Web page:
a cockroach and proud

This is definitively neither my definition, nor my idea. Rather it is a principal I have read about in a few blogs and articles with which I am broadly in agreement. I thought it worth penning a quick blog on it myself.

A ‘Unicorn’ is a well used descriptive within the narrow field of tech start-ups. Essentially a young business that accelerates reasonably quickly to a $1bn+ valuation, normally emphasising ‘scale’ over gross profit (and at times revenue). Businesses that endeavour to ‘own a market’ and then back-solve how to become a viable long-term commercial business. Some succeed, a lot are likely to (and are starting to) fail. It is typically a cash hungry growth model (spending to scale quickly) which in part explains the requirement for the valuations to rise so quickly (each investment round needs to happen at a subsequently higher valuation). I am not going to be dismissive of the premise of Unicorns as a) I don’t know how to do it and b) I don’t want to do it. But some people will do very well from it and they will inevitably be the people you read and hear about.

The idea of ‘cockroach’ companies I do adhere to though. It is much less glamorous. Here the general principals are to focus first on the business model and understand how you will make sustainable profit before you start (doesn’t mean you will reach it of course!). In other words, develop a business that from day one has the prospect of a viable commercial model that can ‘survive any storm’. Something that is much likely to collapse in a less favourable funding and economic environment (which is inevitably going to come round again – and soon). A slower but surer way to build. Once you have proven the viability of the business model then, and only then, breed like crazy and disseminate your cockroach business into every crevice and takeover the world. We have never called our companies cockroaches (albeit at times I may have harboured such feelings towards individuals I have met on the journey – lol), but it is the basis on which the majority of the businesses we have been involved in have defined their models and undertaken their fundraisings. The downside is that it is slower, as the World around you seems to be running fast to breed Unicorns, but in theory it has a potentially higher likelihood of building a long-term sustainable business. Watch this space.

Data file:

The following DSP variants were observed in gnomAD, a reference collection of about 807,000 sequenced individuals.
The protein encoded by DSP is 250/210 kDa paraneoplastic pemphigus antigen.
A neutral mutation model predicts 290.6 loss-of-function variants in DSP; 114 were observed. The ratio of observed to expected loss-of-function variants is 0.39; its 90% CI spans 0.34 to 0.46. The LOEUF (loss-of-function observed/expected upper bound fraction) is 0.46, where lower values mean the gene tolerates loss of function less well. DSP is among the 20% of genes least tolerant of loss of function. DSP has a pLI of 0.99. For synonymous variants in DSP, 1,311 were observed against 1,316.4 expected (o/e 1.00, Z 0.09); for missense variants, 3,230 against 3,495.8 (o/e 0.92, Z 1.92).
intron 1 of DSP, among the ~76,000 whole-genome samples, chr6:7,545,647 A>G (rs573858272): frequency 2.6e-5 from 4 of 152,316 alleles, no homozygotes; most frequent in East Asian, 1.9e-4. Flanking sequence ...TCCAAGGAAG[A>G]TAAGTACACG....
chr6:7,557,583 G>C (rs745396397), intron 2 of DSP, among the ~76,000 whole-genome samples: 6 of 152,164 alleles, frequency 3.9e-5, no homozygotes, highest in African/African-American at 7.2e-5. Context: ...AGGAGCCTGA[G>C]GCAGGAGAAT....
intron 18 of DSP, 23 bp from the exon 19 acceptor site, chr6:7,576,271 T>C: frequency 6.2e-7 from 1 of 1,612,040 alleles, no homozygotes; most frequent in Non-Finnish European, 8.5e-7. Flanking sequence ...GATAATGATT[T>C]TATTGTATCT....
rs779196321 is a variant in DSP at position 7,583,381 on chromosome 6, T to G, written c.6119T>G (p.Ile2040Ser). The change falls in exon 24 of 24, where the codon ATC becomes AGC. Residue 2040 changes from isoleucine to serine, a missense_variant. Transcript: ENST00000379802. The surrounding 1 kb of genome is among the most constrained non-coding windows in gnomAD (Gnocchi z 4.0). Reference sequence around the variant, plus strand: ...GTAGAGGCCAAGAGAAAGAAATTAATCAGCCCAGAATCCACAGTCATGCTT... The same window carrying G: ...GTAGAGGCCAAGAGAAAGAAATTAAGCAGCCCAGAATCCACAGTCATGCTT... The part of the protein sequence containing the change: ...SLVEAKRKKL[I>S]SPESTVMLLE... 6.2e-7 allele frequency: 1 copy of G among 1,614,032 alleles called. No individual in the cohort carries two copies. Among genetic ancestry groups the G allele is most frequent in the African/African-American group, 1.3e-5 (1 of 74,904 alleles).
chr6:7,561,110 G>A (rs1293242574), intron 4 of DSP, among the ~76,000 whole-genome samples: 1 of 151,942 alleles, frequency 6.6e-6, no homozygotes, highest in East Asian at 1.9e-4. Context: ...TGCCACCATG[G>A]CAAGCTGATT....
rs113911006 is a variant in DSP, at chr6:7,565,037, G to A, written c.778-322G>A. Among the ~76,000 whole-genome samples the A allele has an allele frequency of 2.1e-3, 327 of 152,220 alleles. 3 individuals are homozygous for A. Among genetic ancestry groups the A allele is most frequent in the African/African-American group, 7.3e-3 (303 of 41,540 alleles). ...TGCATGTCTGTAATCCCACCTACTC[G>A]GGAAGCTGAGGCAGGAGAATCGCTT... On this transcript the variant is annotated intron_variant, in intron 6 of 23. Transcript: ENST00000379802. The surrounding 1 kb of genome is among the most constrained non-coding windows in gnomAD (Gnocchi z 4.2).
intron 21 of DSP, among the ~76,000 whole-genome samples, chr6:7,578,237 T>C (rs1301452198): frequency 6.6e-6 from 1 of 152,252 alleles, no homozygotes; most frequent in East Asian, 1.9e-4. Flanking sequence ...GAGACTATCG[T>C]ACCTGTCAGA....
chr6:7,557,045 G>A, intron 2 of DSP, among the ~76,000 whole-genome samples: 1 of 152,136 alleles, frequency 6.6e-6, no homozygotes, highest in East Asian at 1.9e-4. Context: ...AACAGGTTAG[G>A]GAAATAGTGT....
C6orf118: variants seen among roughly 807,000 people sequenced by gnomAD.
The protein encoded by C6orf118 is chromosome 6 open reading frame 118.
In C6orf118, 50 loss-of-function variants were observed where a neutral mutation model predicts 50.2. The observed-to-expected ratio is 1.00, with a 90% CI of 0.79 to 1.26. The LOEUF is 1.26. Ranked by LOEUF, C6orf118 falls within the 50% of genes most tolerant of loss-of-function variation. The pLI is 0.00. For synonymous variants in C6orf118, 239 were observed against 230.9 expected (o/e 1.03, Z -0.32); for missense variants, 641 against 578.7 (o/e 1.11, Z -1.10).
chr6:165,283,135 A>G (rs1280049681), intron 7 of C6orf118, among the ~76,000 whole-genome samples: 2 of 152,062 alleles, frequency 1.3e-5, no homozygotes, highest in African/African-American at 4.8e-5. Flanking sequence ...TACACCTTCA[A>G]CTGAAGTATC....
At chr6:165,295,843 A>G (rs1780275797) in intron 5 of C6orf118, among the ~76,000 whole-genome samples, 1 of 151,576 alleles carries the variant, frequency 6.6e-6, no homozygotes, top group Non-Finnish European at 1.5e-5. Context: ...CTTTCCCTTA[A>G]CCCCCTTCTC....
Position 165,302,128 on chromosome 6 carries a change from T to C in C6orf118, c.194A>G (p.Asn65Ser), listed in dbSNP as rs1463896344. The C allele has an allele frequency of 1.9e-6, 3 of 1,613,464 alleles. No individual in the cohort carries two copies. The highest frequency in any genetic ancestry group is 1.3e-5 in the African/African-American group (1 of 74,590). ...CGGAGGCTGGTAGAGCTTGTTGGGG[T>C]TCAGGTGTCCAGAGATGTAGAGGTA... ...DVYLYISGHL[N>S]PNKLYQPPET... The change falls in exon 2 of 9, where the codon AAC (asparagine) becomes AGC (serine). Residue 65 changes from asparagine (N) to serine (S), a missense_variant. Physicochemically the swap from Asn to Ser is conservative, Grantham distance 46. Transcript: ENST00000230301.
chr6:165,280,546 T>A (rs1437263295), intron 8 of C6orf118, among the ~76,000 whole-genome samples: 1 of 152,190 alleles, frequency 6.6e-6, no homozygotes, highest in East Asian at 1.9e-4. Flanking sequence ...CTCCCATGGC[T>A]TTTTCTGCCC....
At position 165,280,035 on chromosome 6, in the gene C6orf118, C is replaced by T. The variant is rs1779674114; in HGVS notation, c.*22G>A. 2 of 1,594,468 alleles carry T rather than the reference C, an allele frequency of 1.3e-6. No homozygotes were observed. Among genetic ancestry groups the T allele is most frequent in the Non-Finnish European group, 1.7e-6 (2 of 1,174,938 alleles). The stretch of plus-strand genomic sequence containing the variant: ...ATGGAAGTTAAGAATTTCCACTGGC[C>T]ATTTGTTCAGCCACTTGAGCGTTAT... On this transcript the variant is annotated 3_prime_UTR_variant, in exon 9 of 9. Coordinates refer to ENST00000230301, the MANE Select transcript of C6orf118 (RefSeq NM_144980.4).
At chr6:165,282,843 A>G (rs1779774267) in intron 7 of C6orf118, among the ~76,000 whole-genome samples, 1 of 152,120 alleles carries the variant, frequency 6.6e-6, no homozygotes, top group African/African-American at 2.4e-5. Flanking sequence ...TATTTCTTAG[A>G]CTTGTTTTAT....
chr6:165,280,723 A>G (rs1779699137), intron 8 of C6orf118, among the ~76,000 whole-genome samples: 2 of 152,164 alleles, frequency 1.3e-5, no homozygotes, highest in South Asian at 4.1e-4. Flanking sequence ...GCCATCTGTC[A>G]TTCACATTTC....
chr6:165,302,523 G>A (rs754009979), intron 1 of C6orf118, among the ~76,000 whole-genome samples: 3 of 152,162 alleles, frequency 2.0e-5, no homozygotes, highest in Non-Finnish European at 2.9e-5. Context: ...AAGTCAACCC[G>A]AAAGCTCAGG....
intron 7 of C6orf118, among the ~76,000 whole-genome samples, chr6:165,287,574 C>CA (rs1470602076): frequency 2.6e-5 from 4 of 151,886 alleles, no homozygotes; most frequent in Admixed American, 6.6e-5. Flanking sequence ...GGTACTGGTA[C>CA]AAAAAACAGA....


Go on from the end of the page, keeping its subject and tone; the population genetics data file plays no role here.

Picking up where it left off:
Another way to cut the Unicorn vs Cockroach concept would be to parallel it to US vs European venture styles. US is ‘big funds with big pockets’, ‘big market’, ‘get quick big or go home’. European is ‘smaller funds with smaller pockets’, ‘smaller and more colloquial markets’ and ‘inherently more conservative’. The US vs European investment and growth approach has, of course, stemmed from many many years of cultural and geographic differences between the two continents. Europe has also, of course, been around longer and grown to where it is over that time period.

The fact of the matter is that there are rational reasons to take both approaches. The thing that I am liking, however, is that there is a small but growing recognition that building a Unicorn isn’t the only great way to go. Now that is not of course a new thing, merely the cyclical return of an ideology that has been in fashion and out of fashion many times since commerce first started. But today it is becoming okay to be a cockroach, and I like it when common-sense begins to get some coverage alongside ‘glamour’.